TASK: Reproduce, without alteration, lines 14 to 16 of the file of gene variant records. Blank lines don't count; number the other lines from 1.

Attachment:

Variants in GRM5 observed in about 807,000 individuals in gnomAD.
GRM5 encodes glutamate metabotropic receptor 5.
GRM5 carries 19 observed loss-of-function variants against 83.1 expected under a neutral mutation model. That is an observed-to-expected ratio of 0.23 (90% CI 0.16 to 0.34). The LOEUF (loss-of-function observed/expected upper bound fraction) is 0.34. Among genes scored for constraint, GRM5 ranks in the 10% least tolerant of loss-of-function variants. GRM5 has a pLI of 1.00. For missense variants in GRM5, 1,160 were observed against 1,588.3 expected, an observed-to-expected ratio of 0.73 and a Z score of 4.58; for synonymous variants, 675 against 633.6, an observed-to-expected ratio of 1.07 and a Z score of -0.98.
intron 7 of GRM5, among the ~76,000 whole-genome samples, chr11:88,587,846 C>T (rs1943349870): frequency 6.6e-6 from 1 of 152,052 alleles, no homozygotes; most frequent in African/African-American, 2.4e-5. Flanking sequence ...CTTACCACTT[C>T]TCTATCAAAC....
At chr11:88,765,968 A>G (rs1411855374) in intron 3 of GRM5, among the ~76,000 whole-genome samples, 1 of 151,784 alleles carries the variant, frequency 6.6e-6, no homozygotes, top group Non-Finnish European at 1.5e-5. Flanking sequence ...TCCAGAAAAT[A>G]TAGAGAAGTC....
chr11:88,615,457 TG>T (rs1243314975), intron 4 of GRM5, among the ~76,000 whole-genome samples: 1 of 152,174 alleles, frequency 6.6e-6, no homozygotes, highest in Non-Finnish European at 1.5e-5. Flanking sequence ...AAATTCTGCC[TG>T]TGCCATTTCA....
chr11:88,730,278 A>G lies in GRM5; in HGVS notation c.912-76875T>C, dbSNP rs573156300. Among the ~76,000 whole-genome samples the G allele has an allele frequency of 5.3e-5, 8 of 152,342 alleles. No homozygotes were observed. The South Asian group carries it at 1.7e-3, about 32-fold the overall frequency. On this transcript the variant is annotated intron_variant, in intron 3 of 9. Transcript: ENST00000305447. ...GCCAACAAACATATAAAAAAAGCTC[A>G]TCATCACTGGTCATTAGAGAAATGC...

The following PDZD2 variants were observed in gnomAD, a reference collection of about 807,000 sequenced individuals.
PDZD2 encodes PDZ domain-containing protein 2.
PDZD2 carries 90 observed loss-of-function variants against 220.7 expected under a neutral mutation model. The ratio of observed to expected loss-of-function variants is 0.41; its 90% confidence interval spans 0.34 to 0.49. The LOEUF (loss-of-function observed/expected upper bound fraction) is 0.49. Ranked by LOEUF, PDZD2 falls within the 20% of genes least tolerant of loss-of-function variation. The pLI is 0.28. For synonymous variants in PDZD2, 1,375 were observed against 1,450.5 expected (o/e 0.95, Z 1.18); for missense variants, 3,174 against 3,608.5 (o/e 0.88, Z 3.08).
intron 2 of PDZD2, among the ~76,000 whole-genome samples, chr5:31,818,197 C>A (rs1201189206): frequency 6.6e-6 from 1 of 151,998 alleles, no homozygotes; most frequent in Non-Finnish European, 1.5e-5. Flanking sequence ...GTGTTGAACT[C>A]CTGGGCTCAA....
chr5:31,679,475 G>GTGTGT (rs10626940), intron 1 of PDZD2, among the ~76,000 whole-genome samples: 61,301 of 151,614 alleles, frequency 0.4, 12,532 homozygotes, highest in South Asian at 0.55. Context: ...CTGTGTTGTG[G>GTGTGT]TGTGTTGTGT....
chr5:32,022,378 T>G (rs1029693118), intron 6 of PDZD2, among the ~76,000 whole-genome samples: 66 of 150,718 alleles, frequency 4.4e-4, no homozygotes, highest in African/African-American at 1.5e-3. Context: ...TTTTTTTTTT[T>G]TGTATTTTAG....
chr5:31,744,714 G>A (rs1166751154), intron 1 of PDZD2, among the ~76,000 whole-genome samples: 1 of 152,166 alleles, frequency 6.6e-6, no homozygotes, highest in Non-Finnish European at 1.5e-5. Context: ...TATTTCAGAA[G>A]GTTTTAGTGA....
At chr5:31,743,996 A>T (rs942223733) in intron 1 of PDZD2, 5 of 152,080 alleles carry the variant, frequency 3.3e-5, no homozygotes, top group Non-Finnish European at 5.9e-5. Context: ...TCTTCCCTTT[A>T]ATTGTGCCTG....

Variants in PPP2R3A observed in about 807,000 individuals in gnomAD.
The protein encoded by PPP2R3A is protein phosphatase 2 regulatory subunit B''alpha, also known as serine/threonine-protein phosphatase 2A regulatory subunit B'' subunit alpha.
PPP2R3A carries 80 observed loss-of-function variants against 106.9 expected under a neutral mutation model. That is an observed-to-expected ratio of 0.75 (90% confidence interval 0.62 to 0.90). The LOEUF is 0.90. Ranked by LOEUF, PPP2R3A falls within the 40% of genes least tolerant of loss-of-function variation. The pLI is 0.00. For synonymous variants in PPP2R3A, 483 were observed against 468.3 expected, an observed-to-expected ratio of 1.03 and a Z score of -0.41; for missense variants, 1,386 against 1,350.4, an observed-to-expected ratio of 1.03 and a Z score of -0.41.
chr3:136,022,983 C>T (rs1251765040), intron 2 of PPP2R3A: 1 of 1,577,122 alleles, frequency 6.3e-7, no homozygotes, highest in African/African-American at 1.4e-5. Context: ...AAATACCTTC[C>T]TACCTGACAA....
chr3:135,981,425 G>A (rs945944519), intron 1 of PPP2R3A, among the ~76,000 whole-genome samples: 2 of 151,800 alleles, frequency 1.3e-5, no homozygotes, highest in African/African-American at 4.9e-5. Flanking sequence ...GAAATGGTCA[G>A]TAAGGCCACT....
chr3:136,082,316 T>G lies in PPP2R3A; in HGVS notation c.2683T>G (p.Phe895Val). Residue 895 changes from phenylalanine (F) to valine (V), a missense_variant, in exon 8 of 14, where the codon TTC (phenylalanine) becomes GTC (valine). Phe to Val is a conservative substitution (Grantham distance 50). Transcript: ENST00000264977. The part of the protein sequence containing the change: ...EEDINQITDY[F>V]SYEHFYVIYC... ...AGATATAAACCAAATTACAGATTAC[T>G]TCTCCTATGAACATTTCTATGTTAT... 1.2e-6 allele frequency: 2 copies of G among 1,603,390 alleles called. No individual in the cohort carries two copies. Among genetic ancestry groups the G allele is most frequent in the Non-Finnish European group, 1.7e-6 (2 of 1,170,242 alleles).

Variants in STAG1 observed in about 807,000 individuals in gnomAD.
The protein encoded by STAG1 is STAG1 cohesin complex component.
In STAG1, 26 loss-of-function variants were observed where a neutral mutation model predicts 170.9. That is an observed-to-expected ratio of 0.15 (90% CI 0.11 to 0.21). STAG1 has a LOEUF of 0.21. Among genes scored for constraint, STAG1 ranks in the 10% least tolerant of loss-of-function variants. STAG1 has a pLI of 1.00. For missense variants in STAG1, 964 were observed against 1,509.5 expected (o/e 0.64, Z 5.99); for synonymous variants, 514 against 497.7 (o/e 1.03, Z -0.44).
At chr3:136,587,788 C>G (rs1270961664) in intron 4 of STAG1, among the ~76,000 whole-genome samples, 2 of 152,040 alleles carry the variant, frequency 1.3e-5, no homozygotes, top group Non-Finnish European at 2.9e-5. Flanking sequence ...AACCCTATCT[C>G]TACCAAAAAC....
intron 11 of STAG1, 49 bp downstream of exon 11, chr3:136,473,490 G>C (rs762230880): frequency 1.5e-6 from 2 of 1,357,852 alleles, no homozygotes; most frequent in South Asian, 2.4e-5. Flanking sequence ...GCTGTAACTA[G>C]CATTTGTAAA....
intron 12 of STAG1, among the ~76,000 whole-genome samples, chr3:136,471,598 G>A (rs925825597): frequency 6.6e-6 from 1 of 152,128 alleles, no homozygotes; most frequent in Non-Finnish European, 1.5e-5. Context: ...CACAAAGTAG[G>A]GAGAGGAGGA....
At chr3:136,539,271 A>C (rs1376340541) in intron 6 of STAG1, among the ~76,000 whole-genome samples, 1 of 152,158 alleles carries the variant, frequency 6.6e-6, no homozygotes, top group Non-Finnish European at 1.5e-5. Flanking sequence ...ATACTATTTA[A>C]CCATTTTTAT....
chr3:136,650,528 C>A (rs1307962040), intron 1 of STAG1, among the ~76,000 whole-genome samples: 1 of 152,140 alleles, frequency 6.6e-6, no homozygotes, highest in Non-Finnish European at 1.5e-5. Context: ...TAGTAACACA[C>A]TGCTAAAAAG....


chr5:31,744,714 G>A (rs1166751154), intron 1 of PDZD2, among the ~76,000 whole-genome samples: 1 of 152,166 alleles, frequency 6.6e-6, no homozygotes, highest in Non-Finnish European at 1.5e-5. Context: ...TATTTCAGAA[G>A]GTTTTAGTGA....
At chr5:31,743,996 A>T (rs942223733) in intron 1 of PDZD2, 5 of 152,080 alleles carry the variant, frequency 3.3e-5, no homozygotes, top group Non-Finnish European at 5.9e-5. Context: ...TCTTCCCTTT[A>T]ATTGTGCCTG....

Variants in PPP2R3A observed in about 807,000 individuals in gnomAD.